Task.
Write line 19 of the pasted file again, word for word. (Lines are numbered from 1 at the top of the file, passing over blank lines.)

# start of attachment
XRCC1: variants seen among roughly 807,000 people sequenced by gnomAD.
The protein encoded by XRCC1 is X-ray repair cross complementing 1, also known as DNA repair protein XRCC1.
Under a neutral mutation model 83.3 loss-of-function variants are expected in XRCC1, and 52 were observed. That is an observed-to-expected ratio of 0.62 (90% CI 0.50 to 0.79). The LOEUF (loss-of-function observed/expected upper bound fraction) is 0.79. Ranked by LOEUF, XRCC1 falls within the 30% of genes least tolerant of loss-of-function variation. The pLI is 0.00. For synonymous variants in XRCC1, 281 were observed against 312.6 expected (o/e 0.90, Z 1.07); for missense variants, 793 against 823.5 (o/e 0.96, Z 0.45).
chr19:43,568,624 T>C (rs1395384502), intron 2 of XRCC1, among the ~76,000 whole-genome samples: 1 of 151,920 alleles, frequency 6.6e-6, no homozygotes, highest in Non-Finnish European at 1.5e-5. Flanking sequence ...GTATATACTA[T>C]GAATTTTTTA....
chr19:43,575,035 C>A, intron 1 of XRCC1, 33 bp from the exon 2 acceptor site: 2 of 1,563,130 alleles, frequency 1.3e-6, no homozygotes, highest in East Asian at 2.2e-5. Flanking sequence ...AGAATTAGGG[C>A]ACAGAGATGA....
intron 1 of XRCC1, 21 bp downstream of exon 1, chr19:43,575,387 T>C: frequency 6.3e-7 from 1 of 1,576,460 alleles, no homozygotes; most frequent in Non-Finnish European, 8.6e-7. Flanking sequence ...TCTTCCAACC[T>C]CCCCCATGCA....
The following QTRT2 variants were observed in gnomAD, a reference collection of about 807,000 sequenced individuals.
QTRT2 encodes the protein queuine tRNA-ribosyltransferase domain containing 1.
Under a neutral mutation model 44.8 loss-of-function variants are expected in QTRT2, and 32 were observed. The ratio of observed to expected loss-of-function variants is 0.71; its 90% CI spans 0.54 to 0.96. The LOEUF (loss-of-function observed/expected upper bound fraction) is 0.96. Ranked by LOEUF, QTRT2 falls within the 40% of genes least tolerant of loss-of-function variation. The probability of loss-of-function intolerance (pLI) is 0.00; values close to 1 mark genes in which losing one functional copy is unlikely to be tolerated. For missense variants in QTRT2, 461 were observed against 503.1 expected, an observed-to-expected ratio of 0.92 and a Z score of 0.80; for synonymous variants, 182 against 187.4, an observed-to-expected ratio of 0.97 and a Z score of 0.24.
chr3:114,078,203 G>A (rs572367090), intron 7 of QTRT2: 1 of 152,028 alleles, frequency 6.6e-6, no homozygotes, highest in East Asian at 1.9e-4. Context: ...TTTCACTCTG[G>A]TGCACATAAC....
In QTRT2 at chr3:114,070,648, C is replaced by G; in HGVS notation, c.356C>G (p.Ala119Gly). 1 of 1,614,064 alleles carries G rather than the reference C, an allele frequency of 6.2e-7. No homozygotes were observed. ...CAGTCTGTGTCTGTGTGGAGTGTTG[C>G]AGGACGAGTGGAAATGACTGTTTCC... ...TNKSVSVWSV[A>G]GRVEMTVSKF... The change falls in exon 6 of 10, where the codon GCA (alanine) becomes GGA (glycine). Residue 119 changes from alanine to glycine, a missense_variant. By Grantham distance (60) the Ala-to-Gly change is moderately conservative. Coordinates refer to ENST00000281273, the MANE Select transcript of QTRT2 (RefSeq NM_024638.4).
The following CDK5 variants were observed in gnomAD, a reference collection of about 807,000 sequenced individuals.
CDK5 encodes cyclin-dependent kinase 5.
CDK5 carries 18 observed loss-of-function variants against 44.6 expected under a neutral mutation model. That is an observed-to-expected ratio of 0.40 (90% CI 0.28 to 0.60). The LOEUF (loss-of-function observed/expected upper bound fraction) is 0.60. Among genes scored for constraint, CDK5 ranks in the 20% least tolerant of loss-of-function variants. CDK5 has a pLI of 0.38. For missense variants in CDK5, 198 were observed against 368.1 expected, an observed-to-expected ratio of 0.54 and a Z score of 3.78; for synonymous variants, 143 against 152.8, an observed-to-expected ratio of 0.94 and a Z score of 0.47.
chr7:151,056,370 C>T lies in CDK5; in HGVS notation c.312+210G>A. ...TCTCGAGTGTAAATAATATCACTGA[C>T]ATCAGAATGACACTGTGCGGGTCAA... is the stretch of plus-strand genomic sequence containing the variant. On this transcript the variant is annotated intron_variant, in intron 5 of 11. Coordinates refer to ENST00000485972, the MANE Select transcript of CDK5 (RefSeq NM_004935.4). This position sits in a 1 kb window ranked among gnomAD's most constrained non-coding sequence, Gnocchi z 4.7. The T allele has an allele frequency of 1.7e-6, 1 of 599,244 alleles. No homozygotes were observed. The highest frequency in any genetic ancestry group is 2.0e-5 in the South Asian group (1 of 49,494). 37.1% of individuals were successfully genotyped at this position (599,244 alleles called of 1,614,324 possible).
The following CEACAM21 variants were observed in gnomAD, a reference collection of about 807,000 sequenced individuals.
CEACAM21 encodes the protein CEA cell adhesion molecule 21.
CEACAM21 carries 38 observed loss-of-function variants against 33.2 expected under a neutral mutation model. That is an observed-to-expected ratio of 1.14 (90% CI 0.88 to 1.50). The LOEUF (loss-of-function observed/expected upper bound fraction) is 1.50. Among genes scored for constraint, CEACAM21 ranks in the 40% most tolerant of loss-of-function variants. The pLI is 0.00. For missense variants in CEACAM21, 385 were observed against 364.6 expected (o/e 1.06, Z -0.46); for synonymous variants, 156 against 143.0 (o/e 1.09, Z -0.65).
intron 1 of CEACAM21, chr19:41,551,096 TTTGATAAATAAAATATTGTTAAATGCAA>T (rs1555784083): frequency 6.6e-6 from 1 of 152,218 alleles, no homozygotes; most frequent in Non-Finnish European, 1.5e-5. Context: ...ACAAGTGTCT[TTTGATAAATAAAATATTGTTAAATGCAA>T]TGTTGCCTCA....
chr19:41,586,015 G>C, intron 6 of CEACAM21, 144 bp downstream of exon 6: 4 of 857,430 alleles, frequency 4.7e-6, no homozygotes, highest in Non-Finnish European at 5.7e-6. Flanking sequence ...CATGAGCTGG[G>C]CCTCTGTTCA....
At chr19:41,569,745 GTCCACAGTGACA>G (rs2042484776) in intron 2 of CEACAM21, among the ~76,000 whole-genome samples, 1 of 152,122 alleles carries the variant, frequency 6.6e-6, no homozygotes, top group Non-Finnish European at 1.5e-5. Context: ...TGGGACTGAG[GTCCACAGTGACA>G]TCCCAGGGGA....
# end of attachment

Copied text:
intron 1 of CEACAM21, chr19:41,551,096 TTTGATAAATAAAATATTGTTAAATGCAA>T (rs1555784083): frequency 6.6e-6 from 1 of 152,218 alleles, no homozygotes; most frequent in Non-Finnish European, 1.5e-5. Context: ...ACAAGTGTCT[TTTGATAAATAAAATATTGTTAAATGCAA>T]TGTTGCCTCA....